Differential Roles of Basolateral and Central Amygdala on the Effects of Uncontrollable Stress on Hippocampal Synaptic Plasticity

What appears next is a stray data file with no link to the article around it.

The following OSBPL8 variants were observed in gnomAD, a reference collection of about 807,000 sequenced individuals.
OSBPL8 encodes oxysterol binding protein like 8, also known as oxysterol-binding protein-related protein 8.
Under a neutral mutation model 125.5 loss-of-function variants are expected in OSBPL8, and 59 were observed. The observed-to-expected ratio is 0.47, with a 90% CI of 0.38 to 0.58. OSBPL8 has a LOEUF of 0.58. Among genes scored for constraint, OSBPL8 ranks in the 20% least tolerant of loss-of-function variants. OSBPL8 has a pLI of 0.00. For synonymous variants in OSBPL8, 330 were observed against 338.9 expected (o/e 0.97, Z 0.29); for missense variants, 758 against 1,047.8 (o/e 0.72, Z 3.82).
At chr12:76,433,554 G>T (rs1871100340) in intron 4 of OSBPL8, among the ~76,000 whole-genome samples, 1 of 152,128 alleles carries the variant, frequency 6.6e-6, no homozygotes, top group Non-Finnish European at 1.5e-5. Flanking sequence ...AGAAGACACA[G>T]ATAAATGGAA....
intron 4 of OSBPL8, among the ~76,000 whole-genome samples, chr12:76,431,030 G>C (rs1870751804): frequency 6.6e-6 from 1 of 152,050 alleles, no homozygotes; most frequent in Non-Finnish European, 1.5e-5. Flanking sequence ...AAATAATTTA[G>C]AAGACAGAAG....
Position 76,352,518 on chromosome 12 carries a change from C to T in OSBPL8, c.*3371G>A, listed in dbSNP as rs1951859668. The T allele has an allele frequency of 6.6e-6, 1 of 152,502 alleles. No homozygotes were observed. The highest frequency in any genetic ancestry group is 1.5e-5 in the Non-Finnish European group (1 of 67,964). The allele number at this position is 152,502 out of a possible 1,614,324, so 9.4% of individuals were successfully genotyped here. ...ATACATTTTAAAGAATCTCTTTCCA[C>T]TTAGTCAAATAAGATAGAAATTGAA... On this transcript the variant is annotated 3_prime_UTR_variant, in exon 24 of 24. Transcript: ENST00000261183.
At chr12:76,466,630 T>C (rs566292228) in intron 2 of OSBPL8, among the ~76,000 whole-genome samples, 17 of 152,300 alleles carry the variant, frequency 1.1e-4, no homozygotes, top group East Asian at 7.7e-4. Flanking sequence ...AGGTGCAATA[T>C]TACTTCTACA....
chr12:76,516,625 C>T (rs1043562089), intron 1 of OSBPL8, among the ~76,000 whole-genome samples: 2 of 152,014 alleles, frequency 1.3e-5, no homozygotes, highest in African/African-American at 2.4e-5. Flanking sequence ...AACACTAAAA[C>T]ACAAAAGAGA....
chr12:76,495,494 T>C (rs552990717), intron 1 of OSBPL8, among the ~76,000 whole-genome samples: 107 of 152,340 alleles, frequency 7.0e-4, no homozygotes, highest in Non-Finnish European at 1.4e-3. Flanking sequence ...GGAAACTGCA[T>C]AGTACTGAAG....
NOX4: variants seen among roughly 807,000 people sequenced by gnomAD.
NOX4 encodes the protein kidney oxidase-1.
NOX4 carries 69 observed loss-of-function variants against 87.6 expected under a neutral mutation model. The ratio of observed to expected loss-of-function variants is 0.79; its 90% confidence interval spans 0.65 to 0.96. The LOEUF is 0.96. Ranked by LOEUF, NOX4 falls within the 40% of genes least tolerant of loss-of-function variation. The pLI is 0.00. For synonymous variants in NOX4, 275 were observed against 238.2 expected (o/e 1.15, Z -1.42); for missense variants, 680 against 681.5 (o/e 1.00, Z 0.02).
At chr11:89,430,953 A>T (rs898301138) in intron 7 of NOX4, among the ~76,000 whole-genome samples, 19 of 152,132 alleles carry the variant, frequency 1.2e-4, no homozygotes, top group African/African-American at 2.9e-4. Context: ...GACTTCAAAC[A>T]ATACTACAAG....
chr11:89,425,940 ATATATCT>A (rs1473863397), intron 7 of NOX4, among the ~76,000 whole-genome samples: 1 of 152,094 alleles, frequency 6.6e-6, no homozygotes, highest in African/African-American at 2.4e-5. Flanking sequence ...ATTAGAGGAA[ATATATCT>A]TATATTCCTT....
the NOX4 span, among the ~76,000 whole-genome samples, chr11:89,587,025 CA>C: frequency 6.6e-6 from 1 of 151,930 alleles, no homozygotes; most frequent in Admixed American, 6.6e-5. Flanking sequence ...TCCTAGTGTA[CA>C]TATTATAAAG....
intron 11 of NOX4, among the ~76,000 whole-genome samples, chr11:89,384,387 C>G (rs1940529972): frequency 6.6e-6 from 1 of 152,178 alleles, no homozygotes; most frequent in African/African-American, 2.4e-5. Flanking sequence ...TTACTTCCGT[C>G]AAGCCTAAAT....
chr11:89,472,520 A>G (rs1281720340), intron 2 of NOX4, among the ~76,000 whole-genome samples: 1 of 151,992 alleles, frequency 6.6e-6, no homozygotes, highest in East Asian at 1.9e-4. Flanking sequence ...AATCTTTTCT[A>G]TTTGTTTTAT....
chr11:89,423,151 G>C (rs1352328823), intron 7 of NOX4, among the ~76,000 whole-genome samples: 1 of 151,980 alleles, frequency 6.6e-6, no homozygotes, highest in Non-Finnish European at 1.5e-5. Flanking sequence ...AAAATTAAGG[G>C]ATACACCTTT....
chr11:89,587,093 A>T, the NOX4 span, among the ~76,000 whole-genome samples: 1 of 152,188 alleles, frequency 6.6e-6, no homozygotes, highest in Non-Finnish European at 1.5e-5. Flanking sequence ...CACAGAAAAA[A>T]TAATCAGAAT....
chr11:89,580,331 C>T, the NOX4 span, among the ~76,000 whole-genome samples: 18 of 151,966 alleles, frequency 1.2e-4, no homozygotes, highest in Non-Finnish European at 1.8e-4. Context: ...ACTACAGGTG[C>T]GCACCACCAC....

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The amygdala is considered central in mediating stressrelated changes of hippocampal functions. However, it remains unclear whether different amygdala subnuclei have different roles in coordinating stress effects. Here, we report that stress exposure caused an immediate increase of extracellular signal-regulated kinase (ERK)1/2 phosphorylation in the hippocampal area CA1 and the basolateral amygdala (BLA) and after a delay in the central amygdala (CEA). Exposure to the novel environment following stress increased ERK1/2 phosphorylation in the CEA, but reversed the stress-induced increase of ERK1/2 phosphorylation in the hippocampal area CA1 and the BLA. Either ERK1/2 inhibitor U0126 orN-methyl-D-aspartate (NMDA) receptor antagonist DL-(-)-2-amino-5-phosphonopentanoic acid (APV) administration into the BLA, but not the CEA, blocked the stress effects on hippocampal long-term potentiation (LTP) and long-term depression. Noveltyexploration-induced reversal of stress effects was prevented when animals were injected U0126 or APV into the CEA, but not the BLA, before subjected to the novel environment. The ability of novelty exploration to reverse the stress effects was mimicked by intra-CEA infusion of NMDA. These findings suggest that BLA ERK1/2 signaling pathway is critical to mediate the stress effects on hippocampal synaptic plasticity; the activation of CEA ERK1/2, in contrast, appears to mediate the reversal of stress effects.

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